As a result of the atrocities committed by the National Socialist Party during World War II, the terms nationalist and nationalism gained a baleful connotation. Consequently, in the post-war era it was very rare for people, especially politicians, to publicly refer to themselves as nationalists for fear of being associated with Nazism.
More recently, however, this norm is being challenged in the United States. At a campaign rally on October 22, 2018, President Donald Trump openly identified himself as a nationalist by saying:
“A globalist is a person that wants the globe to do well, frankly, not caring about our country so much. And you know what? We can’t have that. You know, they have a word–it’s sort of became old-fashioned–it’s called a nationalist. You know what I am? I’m a nationalist, okay? I’m a nationalist. Nationalist. Nothing wrong.”
Trump is not the only one who is trying to mainstream nationalism. U.S. Senator and former presidential candidate Marco Rubio has advocated for “new nationalism.” Additionally, U.S. Representative Steve King infamously questioned why the term “white nationalism” is offensive while speaking to the House of Representatives.
Three people holding some of the highest offices in the United States government have now openly pledged support for an ideology that is notoriously associated with brutal dictators like Adolf Hitler. While Trump has insisted that he “has the best words,” French President Emmanuel Macron was quick to school him on the difference between nationalism and patriotism saying, “Patriotism is the exact opposite of nationalism. Nationalism is a betrayal of patriotism.”
So the question is, is Macron correct? Are these men confusing nationalism with patriotism? According to nationalism expert Dr. Anton Pelinka, “The difference between ‘patriotism’ and ‘nationalism’ depends on semantics, traditions and periods.” Most dictionary definitions of both words involve the concept of a country or nation-state. However, while the definition of patriotism does require a country, nationalism has a larger variety of definitions because a nation does not necessarily have to be a country, such as Nation of Islam, Aryan Nations, Navajo Nation. Political scientist Dr. Benedict Anderson captured this idea when he wrote about nations being “imagined communities” in his book of the same name.
This is not the only distinction that is frequently made to distinguish the two words. The other distinction is that nationalism usually involves a sense of superiority of one’s nation over others. Distinguishing two words with very similar meanings may seem trivial, but the distinction is important. The love and support for a nation or country that is common to the definitions of both patriotism and nationalism poses no real threat.
The issue that arises is in the part of the definition which is unique to nationalism: the concept of superiority. Since the aforementioned politicians began arguing for nationalism (even if they may be confusing it with patriotism), it has offered a sense of affirmation to true nationalists.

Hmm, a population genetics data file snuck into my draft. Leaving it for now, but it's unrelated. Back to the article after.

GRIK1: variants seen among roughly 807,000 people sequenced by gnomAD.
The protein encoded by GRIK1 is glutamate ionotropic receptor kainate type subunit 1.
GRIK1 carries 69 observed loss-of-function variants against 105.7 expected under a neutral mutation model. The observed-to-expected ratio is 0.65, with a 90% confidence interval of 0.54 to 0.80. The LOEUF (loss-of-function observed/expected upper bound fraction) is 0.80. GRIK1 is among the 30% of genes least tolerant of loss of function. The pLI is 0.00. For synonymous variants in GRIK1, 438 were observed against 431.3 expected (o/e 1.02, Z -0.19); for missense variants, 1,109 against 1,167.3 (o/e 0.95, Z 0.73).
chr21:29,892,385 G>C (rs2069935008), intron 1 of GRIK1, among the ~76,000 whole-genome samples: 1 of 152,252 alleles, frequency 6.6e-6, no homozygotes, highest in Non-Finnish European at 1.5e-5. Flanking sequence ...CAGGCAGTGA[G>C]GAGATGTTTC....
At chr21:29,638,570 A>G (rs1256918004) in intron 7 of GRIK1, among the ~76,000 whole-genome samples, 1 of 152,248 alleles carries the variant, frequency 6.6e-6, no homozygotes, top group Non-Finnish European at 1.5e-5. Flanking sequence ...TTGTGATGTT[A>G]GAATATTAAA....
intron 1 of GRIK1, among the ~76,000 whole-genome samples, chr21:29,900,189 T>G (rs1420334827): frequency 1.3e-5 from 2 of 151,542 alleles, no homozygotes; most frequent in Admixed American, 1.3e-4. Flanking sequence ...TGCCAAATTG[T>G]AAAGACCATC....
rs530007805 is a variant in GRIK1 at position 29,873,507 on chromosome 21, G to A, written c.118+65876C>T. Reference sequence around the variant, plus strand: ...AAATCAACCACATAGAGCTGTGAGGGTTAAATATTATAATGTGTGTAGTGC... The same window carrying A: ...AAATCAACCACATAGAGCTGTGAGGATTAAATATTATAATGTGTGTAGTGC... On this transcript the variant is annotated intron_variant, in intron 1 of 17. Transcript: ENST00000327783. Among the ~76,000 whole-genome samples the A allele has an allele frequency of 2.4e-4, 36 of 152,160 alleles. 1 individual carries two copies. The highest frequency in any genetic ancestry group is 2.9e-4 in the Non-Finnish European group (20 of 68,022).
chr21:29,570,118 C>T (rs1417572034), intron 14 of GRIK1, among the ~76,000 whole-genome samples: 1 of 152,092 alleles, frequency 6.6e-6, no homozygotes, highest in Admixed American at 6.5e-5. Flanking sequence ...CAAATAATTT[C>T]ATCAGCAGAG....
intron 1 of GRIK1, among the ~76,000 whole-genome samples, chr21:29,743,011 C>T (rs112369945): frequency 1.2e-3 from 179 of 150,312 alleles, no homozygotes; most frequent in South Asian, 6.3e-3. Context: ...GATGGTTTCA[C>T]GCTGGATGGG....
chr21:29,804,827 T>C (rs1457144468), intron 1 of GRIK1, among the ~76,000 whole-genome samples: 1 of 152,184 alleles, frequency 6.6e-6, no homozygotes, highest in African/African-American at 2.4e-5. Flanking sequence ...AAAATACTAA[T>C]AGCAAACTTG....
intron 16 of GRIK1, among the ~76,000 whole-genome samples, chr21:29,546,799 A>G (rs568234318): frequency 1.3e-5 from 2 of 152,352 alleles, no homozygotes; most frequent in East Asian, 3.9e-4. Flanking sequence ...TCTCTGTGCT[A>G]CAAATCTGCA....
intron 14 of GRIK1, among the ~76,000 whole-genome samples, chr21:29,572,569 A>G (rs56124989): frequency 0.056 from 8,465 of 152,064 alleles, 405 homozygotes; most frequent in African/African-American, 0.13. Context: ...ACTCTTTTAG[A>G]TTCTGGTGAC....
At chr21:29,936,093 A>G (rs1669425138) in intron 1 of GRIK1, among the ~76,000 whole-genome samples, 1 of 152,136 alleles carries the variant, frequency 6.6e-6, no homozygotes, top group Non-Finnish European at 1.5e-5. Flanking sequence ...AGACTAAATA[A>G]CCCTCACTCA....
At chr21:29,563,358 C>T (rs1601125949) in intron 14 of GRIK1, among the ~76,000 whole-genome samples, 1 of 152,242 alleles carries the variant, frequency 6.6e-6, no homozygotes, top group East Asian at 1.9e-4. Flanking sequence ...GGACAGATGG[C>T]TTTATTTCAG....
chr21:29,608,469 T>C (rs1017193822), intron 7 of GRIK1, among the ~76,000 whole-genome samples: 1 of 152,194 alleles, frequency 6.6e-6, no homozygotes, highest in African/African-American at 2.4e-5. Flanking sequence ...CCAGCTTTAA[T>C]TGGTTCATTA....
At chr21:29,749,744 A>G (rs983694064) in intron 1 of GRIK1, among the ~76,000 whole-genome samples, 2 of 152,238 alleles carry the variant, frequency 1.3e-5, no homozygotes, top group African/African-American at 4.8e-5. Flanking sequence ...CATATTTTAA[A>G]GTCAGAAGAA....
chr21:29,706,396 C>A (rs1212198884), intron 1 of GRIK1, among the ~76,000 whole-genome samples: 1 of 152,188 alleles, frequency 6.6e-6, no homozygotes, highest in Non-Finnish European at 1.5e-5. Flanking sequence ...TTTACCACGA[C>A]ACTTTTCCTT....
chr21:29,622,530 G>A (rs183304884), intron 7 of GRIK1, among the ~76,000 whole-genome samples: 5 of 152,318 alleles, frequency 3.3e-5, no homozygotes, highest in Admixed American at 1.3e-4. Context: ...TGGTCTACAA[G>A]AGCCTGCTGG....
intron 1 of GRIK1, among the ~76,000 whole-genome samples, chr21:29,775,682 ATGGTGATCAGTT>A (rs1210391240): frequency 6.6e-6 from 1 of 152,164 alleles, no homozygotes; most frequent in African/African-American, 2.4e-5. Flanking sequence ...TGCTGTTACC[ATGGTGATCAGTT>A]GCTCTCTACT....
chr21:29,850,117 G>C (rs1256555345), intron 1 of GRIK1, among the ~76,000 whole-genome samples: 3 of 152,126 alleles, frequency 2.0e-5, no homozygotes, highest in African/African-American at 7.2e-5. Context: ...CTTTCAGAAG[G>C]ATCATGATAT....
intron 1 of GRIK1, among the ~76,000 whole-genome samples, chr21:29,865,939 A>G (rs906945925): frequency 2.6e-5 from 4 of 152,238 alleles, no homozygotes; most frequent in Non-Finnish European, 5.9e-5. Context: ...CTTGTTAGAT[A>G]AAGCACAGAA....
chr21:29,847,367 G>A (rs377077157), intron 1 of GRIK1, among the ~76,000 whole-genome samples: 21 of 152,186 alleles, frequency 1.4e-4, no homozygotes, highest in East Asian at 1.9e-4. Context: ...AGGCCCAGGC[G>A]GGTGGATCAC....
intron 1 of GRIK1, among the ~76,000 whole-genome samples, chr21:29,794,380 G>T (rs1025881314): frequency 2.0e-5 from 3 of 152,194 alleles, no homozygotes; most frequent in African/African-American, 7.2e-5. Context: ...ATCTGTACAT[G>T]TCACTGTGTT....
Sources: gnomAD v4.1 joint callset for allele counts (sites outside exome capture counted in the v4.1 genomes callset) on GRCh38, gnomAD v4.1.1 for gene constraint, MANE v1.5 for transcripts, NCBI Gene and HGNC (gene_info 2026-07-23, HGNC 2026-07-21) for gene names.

One group known as white nationalists, who were previously considered extremists and outcasts, have crept back into the mainstream. They proudly and dangerously tout their belief in the superiority of their imagined community over all others. Almost two years ago, the images of white nationalists including neo-Nazis and members of the KKK marching through Charlottesville, Virginia stunned people worldwide.
Yet, anti-Semitism continues to increase globally. The United States alone witnessed a sharp increase in both hate crimes and anti-Semitism according to the FBI and Anti-Defamation League. Most notably, there were two fatal shootings at synagogues. One in October of 2018 in Pittsburgh, Pennsylvania in which 11 people were killed, and the other in San Diego, California in April 2019 where one person was killed and multiple were wounded. The perpetrators in each of these shootings had both espoused anti-Semitic and racist beliefs aligned with those of white nationalists.
Nationalism has a menacing history surrounding it, especially regarding anti-Semitism. Patriotism, on the other hand, does not carry this particular baggage. Obviously, Marco Rubio and Donald Trump are not white nationalists, and some might argue they are not even nationalists, but their advocacy for nationalism may be emboldening extremist groups. Whether the increase in anti-Semitism is directly related to calls for more nationalism made by these politicians is almost impossible to definitively conclude.
However, one would think that with the anti-Semitic history that accompanies the word, politicians would be much more careful and reluctant to use it. As anti-Semitism continues to rise, it will be important to note whether these politicians continue to push for nationalism or if they revert to advocating for the more frequently used and traditionally safer patriotism.